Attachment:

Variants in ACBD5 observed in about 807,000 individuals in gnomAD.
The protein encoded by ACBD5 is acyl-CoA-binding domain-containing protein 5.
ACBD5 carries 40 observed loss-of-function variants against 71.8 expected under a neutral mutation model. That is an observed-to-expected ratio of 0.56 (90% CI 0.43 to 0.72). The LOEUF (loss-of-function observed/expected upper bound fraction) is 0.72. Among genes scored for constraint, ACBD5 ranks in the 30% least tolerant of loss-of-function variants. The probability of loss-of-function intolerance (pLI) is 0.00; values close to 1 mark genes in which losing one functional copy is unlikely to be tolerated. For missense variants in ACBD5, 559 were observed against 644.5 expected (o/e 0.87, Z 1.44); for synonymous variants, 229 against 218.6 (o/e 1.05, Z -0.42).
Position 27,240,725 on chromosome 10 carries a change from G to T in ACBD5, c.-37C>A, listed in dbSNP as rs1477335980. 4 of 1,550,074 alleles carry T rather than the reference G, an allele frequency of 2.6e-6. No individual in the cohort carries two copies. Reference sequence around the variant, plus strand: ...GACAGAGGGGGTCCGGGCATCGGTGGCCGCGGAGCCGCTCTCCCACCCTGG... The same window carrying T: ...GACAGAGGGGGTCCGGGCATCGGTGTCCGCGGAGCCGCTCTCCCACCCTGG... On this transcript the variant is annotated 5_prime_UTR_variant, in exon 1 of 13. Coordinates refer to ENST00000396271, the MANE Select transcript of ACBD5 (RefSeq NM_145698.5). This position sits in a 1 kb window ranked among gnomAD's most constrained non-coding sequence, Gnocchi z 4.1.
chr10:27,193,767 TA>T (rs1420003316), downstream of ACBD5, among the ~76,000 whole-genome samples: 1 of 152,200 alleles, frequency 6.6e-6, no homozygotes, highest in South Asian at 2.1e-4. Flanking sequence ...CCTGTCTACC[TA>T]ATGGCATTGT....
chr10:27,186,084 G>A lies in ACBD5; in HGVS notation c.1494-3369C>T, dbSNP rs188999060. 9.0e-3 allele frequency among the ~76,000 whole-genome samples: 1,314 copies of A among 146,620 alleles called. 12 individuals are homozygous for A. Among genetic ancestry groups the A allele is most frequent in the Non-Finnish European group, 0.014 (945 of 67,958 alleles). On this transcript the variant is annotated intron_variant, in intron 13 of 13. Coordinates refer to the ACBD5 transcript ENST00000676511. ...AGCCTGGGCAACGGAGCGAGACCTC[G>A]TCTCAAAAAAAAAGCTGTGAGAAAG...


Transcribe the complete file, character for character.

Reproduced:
Variants in ACBD5 observed in about 807,000 individuals in gnomAD.
The protein encoded by ACBD5 is acyl-CoA-binding domain-containing protein 5.
ACBD5 carries 40 observed loss-of-function variants against 71.8 expected under a neutral mutation model. That is an observed-to-expected ratio of 0.56 (90% CI 0.43 to 0.72). The LOEUF (loss-of-function observed/expected upper bound fraction) is 0.72. Among genes scored for constraint, ACBD5 ranks in the 30% least tolerant of loss-of-function variants. The probability of loss-of-function intolerance (pLI) is 0.00; values close to 1 mark genes in which losing one functional copy is unlikely to be tolerated. For missense variants in ACBD5, 559 were observed against 644.5 expected (o/e 0.87, Z 1.44); for synonymous variants, 229 against 218.6 (o/e 1.05, Z -0.42).
Position 27,240,725 on chromosome 10 carries a change from G to T in ACBD5, c.-37C>A, listed in dbSNP as rs1477335980. 4 of 1,550,074 alleles carry T rather than the reference G, an allele frequency of 2.6e-6. No individual in the cohort carries two copies. Reference sequence around the variant, plus strand: ...GACAGAGGGGGTCCGGGCATCGGTGGCCGCGGAGCCGCTCTCCCACCCTGG... The same window carrying T: ...GACAGAGGGGGTCCGGGCATCGGTGTCCGCGGAGCCGCTCTCCCACCCTGG... On this transcript the variant is annotated 5_prime_UTR_variant, in exon 1 of 13. Coordinates refer to ENST00000396271, the MANE Select transcript of ACBD5 (RefSeq NM_145698.5). This position sits in a 1 kb window ranked among gnomAD's most constrained non-coding sequence, Gnocchi z 4.1.
chr10:27,193,767 TA>T (rs1420003316), downstream of ACBD5, among the ~76,000 whole-genome samples: 1 of 152,200 alleles, frequency 6.6e-6, no homozygotes, highest in South Asian at 2.1e-4. Flanking sequence ...CCTGTCTACC[TA>T]ATGGCATTGT....
chr10:27,186,084 G>A lies in ACBD5; in HGVS notation c.1494-3369C>T, dbSNP rs188999060. 9.0e-3 allele frequency among the ~76,000 whole-genome samples: 1,314 copies of A among 146,620 alleles called. 12 individuals are homozygous for A. Among genetic ancestry groups the A allele is most frequent in the Non-Finnish European group, 0.014 (945 of 67,958 alleles). On this transcript the variant is annotated intron_variant, in intron 13 of 13. Coordinates refer to the ACBD5 transcript ENST00000676511. ...AGCCTGGGCAACGGAGCGAGACCTC[G>A]TCTCAAAAAAAAAGCTGTGAGAAAG...